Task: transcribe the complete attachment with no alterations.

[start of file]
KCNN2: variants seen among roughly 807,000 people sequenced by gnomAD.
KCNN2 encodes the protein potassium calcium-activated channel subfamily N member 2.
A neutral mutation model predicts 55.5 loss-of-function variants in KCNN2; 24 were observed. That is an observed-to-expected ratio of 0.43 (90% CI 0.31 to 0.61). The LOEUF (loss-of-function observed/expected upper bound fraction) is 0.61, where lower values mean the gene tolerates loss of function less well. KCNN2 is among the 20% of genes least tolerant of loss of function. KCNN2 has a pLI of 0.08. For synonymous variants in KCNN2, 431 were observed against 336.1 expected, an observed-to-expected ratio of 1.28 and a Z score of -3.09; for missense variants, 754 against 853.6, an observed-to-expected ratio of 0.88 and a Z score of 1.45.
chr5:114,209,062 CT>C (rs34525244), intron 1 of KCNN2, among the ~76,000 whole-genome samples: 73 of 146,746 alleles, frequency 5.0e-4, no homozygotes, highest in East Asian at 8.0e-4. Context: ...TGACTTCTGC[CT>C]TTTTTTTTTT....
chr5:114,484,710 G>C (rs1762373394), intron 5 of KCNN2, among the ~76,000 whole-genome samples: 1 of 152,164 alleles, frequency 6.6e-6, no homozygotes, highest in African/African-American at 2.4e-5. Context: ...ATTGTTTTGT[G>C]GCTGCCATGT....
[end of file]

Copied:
KCNN2: variants seen among roughly 807,000 people sequenced by gnomAD.
KCNN2 encodes the protein potassium calcium-activated channel subfamily N member 2.
A neutral mutation model predicts 55.5 loss-of-function variants in KCNN2; 24 were observed. That is an observed-to-expected ratio of 0.43 (90% CI 0.31 to 0.61). The LOEUF (loss-of-function observed/expected upper bound fraction) is 0.61, where lower values mean the gene tolerates loss of function less well. KCNN2 is among the 20% of genes least tolerant of loss of function. KCNN2 has a pLI of 0.08. For synonymous variants in KCNN2, 431 were observed against 336.1 expected, an observed-to-expected ratio of 1.28 and a Z score of -3.09; for missense variants, 754 against 853.6, an observed-to-expected ratio of 0.88 and a Z score of 1.45.
chr5:114,209,062 CT>C (rs34525244), intron 1 of KCNN2, among the ~76,000 whole-genome samples: 73 of 146,746 alleles, frequency 5.0e-4, no homozygotes, highest in East Asian at 8.0e-4. Context: ...TGACTTCTGC[CT>C]TTTTTTTTTT....
chr5:114,484,710 G>C (rs1762373394), intron 5 of KCNN2, among the ~76,000 whole-genome samples: 1 of 152,164 alleles, frequency 6.6e-6, no homozygotes, highest in African/African-American at 2.4e-5. Context: ...ATTGTTTTGT[G>C]GCTGCCATGT....